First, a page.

Matthew R. Perry

You Can’t Love Jesus, and Relax His Commands

In Church Life, Culture, Sermons on May 27, 2008 at 11:07 pm

(This is Part II of a sermon preached at the Boone’s Creek Baptist Church, Lexington, KY, on Sunday, May 25, 2008. If you would like to read Part I, click here.)

In Matthew 5:19-20, Jesus tells us:

Therefore whoever relaxes one of the least of these commandments and teaches others to do the same will be called least in the kingdom of heaven, but whoever does them and teaches them will be called great in the kingdom of heaven. [20] For I tell you, unless your righteousness exceeds that of the scribes and Pharisees, you will never enter the kingdom of heaven.

Jesus clearly tells us a danger of relaxing “one of the least of these commandments.” We saw in Matthew 5:18 that every bit and every piece of the law must be accomplished. Even heaven and earth will pass away first, but not God’s law until it all comes to fruition in the work of Christ.

What does Jesus mean here when he warns us against relaxing his commands? The word ‘relax’ comes from a word which can mean to loosen, break, set free. The idea here is that when we see a command given by King Jesus, we find in ourselves a desire to break away or be set free from that command’s authority over us. It does not just have to be a blatant rejection of the command, but can also be a pursuit of other side issues while avoiding the thrust of the command.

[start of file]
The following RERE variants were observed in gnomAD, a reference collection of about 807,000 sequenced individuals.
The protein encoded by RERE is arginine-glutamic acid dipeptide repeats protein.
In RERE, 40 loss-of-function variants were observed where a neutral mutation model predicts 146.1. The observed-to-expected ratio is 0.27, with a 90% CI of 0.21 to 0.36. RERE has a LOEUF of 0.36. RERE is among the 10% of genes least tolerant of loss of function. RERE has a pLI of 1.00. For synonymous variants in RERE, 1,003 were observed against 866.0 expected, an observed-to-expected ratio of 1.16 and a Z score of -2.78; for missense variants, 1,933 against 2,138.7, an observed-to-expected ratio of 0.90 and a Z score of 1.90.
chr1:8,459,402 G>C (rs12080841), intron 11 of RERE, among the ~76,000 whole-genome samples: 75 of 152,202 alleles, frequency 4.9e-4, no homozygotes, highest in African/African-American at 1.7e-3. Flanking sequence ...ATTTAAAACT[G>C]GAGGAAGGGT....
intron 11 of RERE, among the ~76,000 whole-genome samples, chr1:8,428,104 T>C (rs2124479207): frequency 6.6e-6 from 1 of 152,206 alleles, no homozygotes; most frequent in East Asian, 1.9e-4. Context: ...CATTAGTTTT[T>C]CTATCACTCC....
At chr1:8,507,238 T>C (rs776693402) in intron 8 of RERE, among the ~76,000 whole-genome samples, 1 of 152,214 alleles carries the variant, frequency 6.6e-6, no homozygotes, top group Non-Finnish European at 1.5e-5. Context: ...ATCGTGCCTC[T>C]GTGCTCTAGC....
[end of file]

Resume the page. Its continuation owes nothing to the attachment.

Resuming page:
The Pharisees were all about prioritizing God’s commands. They would have heated discussions about which commands were most important. When they made their own determination, they would live accordingly. In Matthew 23:23, Jesus exposed the folly of this mindset:

“Woe to you, scribes and Pharisees, hypocrites! For you tithe mint and dill and cumin, and have neglected the weightier matters of the law: justice and mercy and faithfulness. These you ought to have done, without neglecting the others (Matthew 23:23, ESV).

The Pharisees did what was asked of them, but why? Because by keeping such detailed instructions, they felt morally superior to others who didn’t. But they clearly did not like stooping down and taking off that self-righteousness superiority in reaching down to the “tax collectors and sinners.” Do we find ourselves putting into mental categories those things which we deem most important?

Two Sundays ago, we went through a section on “Pride” in Jerry Bridges’ book Respectable Sins. We tend to categorize sins as well. “Since we don’t commit sins such as immorality, easy divorce, homosexual lifestyle, abortion, drunkenness, drug use, avarice, then we look with contempt and disdain on those who do.” Do we realize that we fall into just as dangerous a type of sin when we fall into a moral self-righteousness as well? If so, we engage in relaxing one of God’s commands over another.

Jesus says, “Whoever does them … will be called great in the Kingdom of heaven.” You say, “Wait, the Pharisees were doing these laws.” Yes, but from what base? From a base of understanding being poor in spirit, grieving over sin, hungering and thirsting after righteousness, being a recipient of mercy, desiring holiness before God, reconciling sinful people before a holy God — even to the point of persecution and death? This is the base from which we are to obey!


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